Atelier Sul Mare
As far as I know, dozing off in a museum is highly frowned upon, because if there's one place that's criticized for it's righteous refinement, it's the art world. However, there is an exception to this rule, a place where the etiquette book flies right out window and into the Mediterranean.
The curators of Atelier Sul Mare not only condone a solid slumber session, they encourage it.
The art museum doubling as a hotel is a rare breed, and by rare I mean this Sicilian inn is the only one of it's kind. Atelier Sul Mare is a hotel because there are 40 guest rooms, and it's a museum because 18 of them are contemporary art spaces.
Antonio Presti, a dynamic Italian arts patron, has taken it upon himself to gather a handful of the world's most innovative artists and create a space that blurs the line between abstraction and actuality by inviting guests to live and function within the context of art.
Maybe I'm overthinking this. Basically, he wants art to belong to everyone.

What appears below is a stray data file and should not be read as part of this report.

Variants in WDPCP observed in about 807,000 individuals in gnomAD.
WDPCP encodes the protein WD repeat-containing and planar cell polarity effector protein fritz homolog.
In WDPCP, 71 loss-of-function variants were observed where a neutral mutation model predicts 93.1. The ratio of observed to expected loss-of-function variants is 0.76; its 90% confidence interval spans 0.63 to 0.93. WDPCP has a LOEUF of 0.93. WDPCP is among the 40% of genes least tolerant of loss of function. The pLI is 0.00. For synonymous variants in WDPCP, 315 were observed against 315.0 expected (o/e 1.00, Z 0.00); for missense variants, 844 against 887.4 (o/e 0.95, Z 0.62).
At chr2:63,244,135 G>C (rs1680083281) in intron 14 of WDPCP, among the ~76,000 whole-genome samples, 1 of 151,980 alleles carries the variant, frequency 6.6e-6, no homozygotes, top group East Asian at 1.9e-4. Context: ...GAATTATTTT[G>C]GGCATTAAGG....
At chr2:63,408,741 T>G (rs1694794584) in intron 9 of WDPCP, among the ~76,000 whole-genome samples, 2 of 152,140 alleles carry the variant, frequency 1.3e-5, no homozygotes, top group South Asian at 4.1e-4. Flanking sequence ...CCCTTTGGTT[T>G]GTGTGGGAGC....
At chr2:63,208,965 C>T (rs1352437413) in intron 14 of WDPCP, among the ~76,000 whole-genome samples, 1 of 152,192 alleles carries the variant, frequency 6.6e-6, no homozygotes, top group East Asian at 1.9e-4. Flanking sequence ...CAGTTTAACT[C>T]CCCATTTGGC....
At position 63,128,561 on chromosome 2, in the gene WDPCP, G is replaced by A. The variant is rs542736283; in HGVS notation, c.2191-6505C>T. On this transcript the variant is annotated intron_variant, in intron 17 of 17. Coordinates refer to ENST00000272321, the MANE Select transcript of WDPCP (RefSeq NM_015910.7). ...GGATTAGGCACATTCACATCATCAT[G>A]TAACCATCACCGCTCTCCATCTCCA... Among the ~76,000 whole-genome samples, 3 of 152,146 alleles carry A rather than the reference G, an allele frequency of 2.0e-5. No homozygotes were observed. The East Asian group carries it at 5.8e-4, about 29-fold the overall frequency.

Let's take “La Stanza del Profeta” for example. This room is Presti's homage to artist and friend Pier Paolo Pasolini. A Pasolini poem graces the front door. A labyrinth-like corrider made of straw and mud leads to the Yemeninte room, inspired by his film, “Flower of the Arabian Nights”. The large bed opens up to a cinematic view of the sea and brings up a powerful image in Andrea Mantegna's “Christ Deposition.” The shower roof is covered by pipes and ventilators, creating a a feeling of being in a car-wash. This references the way Pasolini was crushed and killed underneath his own car.
Other rooms are just as thought provoking. The reception's walls are lined with newspaper and magazine clippings of Presti's projects. A room designed by the Chilean filmmaker Raul Ruiz is tower-like, circular, and painted all black with only a round bed in the center. There are no windows except for a trapdoor in the ceiling. The dark room can be taken to connote self-entrapment, and the ceiling opening the possibility for self-liberation.
The hotel sits elegantly on the Mediterranean coast in Castel di Tusa, a quiet outpost near Cefalu. And here's something to note; Presti has been known to use his art as a political statement. The local council has a strong distaste for him, and there are even rumors that the Mafia bombed his hotel, but hey, it's Sicily; thats the charm
Images Courtesy Copyright © Atelier Sul Mare